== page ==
As reported by the New York Times, front-office personnel for the St. Louis Cardinals baseball team are being investigated by the FBI and the U.S. Justice Department. Team employees are accused of breaking into the network of the Houston Astros in order to steal information about players.
Officials said that information about scouting reports, player statistics, and trades were compromised.
Subpoenas have been served on the Cardinals and on Major League Baseball, seeking access to relevant emails.
According to the Times,
Law enforcement officials believe the hacking was executed by vengeful front-office employees for the Cardinals hoping to wreak havoc on the work of Jeff Luhnow, the Astros’ general manager, who had been a successful and polarizing executive with the Cardinals until 2011.
Luhnow was reportedly drawn to baseball “by the statistics-based ‘Moneyball’ phenomenon,” as depicted in the best-selling book by the same name and the Brad Pitt movie based on the book.
While Luhnow was with the Cardinals, the team build a computer network called “Redbird” to organize its operations information. He later created a similar system for the Astros.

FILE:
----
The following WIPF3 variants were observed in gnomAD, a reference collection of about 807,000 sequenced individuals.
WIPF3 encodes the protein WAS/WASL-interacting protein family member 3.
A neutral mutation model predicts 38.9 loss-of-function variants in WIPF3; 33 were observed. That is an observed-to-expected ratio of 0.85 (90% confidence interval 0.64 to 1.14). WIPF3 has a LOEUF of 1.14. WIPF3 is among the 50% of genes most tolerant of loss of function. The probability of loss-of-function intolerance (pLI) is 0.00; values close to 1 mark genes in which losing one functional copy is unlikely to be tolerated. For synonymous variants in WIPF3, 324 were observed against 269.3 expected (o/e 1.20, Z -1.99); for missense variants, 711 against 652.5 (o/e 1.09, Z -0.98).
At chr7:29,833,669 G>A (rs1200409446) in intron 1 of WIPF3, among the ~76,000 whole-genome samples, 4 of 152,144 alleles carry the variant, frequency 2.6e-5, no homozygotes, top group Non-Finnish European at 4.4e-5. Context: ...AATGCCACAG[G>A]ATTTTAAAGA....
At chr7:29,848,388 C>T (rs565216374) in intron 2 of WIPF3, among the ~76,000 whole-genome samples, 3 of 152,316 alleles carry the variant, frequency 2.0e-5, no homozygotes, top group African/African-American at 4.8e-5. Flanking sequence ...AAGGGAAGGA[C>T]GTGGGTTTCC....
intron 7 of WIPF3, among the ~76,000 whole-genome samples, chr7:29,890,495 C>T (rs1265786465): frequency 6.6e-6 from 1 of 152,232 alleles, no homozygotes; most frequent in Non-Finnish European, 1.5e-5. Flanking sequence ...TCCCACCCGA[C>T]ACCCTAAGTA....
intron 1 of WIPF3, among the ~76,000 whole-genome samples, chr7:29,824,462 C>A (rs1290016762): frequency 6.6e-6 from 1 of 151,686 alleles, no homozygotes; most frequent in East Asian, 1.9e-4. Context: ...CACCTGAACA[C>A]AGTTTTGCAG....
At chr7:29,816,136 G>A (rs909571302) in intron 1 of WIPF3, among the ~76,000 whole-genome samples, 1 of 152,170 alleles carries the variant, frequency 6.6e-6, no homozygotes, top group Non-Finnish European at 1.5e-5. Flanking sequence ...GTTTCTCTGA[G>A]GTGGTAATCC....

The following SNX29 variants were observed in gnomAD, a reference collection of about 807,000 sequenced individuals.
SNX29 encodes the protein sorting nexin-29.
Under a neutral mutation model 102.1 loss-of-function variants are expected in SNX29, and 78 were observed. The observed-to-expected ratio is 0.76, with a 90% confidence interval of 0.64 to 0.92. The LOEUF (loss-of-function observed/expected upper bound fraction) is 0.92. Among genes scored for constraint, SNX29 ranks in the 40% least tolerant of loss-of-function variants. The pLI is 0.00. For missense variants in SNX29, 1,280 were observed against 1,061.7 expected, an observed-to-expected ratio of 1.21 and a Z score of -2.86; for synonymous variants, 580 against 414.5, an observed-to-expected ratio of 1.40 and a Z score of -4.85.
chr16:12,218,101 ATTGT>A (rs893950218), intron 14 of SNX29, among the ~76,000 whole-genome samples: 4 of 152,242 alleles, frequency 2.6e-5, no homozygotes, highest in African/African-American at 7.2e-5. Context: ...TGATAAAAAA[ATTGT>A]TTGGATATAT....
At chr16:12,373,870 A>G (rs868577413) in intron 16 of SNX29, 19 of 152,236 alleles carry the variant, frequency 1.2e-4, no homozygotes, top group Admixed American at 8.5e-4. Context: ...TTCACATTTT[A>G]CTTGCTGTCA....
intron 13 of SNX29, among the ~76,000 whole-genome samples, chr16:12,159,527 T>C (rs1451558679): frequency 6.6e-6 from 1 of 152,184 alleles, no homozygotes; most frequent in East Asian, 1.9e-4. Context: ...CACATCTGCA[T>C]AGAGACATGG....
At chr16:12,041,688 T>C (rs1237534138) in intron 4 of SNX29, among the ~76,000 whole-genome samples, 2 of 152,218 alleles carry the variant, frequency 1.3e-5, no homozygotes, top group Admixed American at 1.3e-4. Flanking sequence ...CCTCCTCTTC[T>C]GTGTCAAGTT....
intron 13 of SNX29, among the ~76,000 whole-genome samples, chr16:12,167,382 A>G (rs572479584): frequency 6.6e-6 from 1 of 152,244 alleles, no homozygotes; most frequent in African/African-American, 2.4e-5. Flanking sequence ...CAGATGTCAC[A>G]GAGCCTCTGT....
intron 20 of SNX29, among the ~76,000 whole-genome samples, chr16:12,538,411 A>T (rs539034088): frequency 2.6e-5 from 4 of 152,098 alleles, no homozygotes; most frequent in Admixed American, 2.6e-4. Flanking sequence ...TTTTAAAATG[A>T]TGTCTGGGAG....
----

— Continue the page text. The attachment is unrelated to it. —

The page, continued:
According to the Times:
Investigators believe that Cardinals personnel, concerned that Mr. Luhnow had taken their idea and proprietary baseball information to the Astros, examined a master list of passwords used by Mr. Luhnow and the other officials when they worked for the Cardinals. The Cardinals employees are believed to have used those passwords to gain access to the Astros’ network, law enforcement officials said.
This is believed to be the first case of corporate espionage involving allegations of one sports team’s invasion of the computer network of another team.
This investigation offers a very practical lesson for companies wishing to protect their trade secrets: do not allow employees to use the same passwords they used when working at other companies. Those other companies are likely to keep records of employee passwords, and a competitor company where an employee formerly worked may be able to use that information to gain access into a new employer’s network.
In addition, any hacker that breaches the other company’s network may be able to steal passwords and track where the employees who used them ended up.
Leech Tishman’s Intellectual Property Group is based in Pasadena, California with a team of highly-regarded legal professionals with prosecution and litigation expertise in the fields of patent, trademark, copyright, and trade secrets.
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Photo Attribution: “BuschStadium 2006-05-30″ by pdsphil from Colorado Springs, Colorado, USA – Flickr. Licensed under CC BY-SA 2.0 via Wikimedia Commons.